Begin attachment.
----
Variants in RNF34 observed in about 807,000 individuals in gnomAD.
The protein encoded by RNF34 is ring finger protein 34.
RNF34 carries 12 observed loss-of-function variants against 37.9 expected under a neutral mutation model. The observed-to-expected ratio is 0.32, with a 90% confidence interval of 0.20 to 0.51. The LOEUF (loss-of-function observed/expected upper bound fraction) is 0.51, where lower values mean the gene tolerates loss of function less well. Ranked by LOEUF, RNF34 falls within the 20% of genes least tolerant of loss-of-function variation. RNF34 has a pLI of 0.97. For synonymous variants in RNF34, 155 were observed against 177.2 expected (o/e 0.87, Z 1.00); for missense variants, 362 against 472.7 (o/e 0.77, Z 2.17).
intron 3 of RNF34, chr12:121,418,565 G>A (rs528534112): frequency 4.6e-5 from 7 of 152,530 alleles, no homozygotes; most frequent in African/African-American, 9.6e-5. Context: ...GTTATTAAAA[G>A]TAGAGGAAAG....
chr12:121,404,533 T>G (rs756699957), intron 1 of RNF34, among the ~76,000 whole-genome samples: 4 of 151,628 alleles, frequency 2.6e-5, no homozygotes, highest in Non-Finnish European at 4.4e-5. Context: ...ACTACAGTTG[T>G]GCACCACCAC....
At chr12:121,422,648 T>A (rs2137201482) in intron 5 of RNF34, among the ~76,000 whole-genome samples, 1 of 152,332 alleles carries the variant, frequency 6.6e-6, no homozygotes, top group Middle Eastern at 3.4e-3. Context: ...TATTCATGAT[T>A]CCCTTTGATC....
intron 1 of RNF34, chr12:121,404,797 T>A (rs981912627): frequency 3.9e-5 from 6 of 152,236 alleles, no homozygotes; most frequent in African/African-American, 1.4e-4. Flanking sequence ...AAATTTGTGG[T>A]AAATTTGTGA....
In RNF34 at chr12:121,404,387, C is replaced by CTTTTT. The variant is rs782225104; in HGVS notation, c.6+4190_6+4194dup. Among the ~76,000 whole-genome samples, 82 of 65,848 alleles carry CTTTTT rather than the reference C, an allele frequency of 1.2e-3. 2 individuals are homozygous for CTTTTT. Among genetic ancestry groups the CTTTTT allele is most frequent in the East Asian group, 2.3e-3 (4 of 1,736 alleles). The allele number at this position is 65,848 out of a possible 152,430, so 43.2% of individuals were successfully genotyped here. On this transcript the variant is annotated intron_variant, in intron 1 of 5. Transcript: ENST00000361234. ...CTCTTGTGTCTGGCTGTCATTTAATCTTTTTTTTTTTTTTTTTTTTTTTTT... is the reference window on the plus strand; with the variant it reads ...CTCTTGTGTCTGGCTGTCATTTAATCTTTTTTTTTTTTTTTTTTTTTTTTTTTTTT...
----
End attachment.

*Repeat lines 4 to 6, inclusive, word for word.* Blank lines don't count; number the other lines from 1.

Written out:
intron 3 of RNF34, chr12:121,418,565 G>A (rs528534112): frequency 4.6e-5 from 7 of 152,530 alleles, no homozygotes; most frequent in African/African-American, 9.6e-5. Context: ...GTTATTAAAA[G>A]TAGAGGAAAG....
chr12:121,404,533 T>G (rs756699957), intron 1 of RNF34, among the ~76,000 whole-genome samples: 4 of 151,628 alleles, frequency 2.6e-5, no homozygotes, highest in Non-Finnish European at 4.4e-5. Context: ...ACTACAGTTG[T>G]GCACCACCAC....
At chr12:121,422,648 T>A (rs2137201482) in intron 5 of RNF34, among the ~76,000 whole-genome samples, 1 of 152,332 alleles carries the variant, frequency 6.6e-6, no homozygotes, top group Middle Eastern at 3.4e-3. Context: ...TATTCATGAT[T>A]CCCTTTGATC....